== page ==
Lee Ann Womack - Call Me Crazy Review
Posted by Jasper Jones on 10.27.2008
Lee Ann Womack returns with her first album since 2005. Does she still hope you dance?
Lee Ann Womack's 2000 smash hit, "I Hope You Dance", may cause you to cringe and turn off the radio. It does the same thing to me, but lets not discredit the singer for the song. The Grammy Award-winning Mrs. Womack deserves better than that. Anyone with three gold albums and four platinum ones clearly isn't an amateur.
Call Me Crazy is Lee Ann Womack's sixth studio release and first album since 2005's There's More Where That Came From, which was awarded the CMA Album of the Year. She is labeled by many to be a "neo-traditional" country artist, meaning her style of country is strikingly different than the modern Top 40 country music pop-oriented style. It has more in common with country music from the 40s, 50s, and 60s. This is pretty heavily evident in Call Me Crazy with its darker mood, which is definitely not a party album.
Call Me Crazy
1. "Last Call" (3:17)
2. "Either Way" (3:39)
3. "Solitary Thinkin'" (3:58)
4. "New Again" (3:56)
5. "I Found It In You" (3:46)
6. "Have You Seen That Girl" (3:23)
7. "The Bees" (5:08)
8. "I Think I Know" (3:28)
9. "If These Walls Could Talk" (3:33)
10. "Everything But Quits" (3:51)
11. "King of Broken Hearts" (3:49)
12. "The Story of My Life" (4:22)
Its refreshing to still see a country album of straight drinking and broken hearts songs in the modern country world that seems to be slipping further and further into pop. 90% of the songs on Call Me Crazy deal with alcohol, losing love, or both. The lead single "Last Call" is the perfect example of what I am talking about. Its about a girl who has the memories of a soured relationship burned into her brain every time she's get a call from her ex-lover, who only calls when he's drunk to confess that he still loves her. I'm surprised radio hasn't caught on to "Last Call" yet, because its a great country song.
Speaking of traditional country music, "If These Walls Could Talk" sounds like something George Jones could have sung in the 70s. The song is about a home being so messed up and uncaring inside that if the walls could talk, they'd pray for the people living there. It reminds me of Willie Nelson's "Hello Walls", which happens to be one of my all-time favorite country tunes.
Another example of the drinking/broken hearts theme is "I Think I Know". The song caught my attention instantly with the opening line, "I think I know what killed Keith Whitley and it wasn't just the whiskey". With subsequent verses about Hank Williams, Sr. and Johnny Cash, the song definitely grabs your attention and keeps it. Womack sings about that un-tangible lonesomeness that grips some people to their grave, almost making it seem like Whitley, Hank Sr, and Cash were doomed from the moment they were born.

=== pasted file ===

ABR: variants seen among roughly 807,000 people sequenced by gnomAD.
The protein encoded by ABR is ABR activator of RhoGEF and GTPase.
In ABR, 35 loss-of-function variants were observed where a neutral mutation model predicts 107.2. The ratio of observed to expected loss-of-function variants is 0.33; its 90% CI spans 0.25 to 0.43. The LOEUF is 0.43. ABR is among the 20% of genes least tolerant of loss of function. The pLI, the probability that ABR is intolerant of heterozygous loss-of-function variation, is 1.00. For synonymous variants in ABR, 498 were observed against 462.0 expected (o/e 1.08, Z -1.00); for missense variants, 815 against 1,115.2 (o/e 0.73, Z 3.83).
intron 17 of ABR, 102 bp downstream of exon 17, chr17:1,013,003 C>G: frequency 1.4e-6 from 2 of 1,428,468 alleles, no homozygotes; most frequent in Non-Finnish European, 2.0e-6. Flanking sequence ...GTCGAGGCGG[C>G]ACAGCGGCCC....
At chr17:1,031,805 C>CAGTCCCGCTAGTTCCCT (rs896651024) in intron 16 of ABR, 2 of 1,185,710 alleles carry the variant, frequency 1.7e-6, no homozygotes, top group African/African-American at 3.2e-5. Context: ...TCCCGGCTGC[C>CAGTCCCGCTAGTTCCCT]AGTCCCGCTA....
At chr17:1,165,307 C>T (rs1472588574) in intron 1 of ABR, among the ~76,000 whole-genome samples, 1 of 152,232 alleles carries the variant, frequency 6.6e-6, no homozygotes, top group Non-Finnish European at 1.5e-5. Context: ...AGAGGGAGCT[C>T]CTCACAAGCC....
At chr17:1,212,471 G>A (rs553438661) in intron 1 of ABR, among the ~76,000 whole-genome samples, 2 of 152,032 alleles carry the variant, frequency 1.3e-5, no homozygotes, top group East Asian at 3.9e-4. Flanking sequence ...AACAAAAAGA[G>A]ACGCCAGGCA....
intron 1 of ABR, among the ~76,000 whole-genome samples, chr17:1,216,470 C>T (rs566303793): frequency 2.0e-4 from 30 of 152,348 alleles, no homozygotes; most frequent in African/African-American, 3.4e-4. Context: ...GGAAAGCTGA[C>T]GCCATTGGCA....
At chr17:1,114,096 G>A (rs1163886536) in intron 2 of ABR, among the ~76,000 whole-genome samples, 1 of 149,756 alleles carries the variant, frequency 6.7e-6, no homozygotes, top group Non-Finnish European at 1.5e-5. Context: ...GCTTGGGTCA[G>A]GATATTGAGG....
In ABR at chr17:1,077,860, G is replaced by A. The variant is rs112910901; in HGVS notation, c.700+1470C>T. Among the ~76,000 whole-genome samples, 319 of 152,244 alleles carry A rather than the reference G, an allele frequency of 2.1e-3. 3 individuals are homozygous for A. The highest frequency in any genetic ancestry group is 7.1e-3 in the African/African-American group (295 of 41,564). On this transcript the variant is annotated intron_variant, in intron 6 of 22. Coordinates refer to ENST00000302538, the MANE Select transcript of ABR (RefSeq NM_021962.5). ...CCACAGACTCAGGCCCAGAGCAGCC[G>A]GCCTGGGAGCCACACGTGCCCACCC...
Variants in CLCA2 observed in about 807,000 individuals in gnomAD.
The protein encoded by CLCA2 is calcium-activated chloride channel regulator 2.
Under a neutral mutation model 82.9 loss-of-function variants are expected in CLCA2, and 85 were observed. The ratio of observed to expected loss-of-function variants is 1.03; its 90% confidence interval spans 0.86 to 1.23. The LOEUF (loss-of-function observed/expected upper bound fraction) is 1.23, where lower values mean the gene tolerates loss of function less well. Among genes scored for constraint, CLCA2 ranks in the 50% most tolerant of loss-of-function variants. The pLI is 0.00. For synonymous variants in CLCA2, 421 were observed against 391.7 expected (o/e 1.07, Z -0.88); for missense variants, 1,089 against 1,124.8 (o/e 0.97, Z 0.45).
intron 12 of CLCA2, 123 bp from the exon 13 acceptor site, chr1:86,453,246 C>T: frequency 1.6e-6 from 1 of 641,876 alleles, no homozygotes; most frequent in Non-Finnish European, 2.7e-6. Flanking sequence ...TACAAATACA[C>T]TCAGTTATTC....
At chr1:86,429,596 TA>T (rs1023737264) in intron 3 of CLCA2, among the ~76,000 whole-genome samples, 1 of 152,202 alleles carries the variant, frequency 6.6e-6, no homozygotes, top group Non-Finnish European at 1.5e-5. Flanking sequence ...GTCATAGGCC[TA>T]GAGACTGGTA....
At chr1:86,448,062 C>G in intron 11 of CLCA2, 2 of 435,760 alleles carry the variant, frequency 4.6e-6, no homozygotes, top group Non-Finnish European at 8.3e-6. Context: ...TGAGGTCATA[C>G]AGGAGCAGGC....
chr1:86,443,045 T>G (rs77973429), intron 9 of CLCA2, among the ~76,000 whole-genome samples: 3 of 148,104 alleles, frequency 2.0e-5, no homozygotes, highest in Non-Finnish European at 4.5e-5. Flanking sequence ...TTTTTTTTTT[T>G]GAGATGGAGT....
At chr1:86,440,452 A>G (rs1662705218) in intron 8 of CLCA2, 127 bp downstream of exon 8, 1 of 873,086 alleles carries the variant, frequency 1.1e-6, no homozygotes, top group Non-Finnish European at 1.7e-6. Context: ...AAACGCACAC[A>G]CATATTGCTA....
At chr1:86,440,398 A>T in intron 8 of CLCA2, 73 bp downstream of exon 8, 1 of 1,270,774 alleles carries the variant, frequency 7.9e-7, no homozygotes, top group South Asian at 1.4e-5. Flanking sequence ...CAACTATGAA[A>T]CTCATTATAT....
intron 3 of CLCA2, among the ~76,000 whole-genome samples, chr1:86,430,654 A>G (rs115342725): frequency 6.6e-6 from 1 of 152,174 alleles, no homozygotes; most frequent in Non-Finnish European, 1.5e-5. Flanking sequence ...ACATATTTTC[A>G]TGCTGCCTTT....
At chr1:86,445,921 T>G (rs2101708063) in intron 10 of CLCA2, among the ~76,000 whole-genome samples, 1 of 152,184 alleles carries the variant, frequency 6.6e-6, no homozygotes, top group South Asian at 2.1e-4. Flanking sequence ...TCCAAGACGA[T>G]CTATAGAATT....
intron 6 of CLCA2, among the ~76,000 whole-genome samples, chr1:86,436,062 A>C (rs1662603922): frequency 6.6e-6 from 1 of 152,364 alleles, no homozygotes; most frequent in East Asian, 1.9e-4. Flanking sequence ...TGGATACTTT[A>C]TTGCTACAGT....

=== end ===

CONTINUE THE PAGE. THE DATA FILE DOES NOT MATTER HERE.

There is something about track number 7, "The Bees", that's unexplainable. The song is very abstract, almost eerie. Womack sings about the buzz of life, pardon the pun, and how things happen for a reason. That's what I got out of it anyway. The music is hypnotizing with a steady drumbeat, the hum of an organ, some acoustic guitar licks, a ghostly slide guitar whine, and a little piano thrown in sporadically. Keith Urban supplies back-up vocals and harmonizes beautifully with Womack.
For all the gold contained in Call Me Crazy, there seems to be just as much garbage. One of my major complaints against country albums is the enormous amount of "filler" that can be found. Songs like "Either Way", "New Again", and "King of Broken Hearts" seem like they are just there to fill time. "Either Way" is about a woman who tells her man that she won't love him if he leaves and she won't love him if he stays either. How boring and apathetic is that? Did you know that "King of Broken Hearts" is a re-make of a George Strait song? I bet George Strait didn't know either, because its a completely forgettable song.
I don't know who is responsible for "Everything But Quits", but whoever it is needs to re-think their strategy. You've got Lee Ann Womack, a well-respected modern-day country traditionalist. You've got George Strait, a certified LEGEND in country music. The best song you could give them was "Everything But Quits"? Those two with a better song could have been an instant classic. Instead you get an instant dud.
The 411: Despite the filler and the occasional total misstep, Call Me Crazy is a solid outing for Lee Ann Womack. If you like classic country songs about broken hearts and drinking, you're in for a treat. If you like modern country songs about "ba-donka-donks" and "riding the cowboy and instead the horse", pass on it.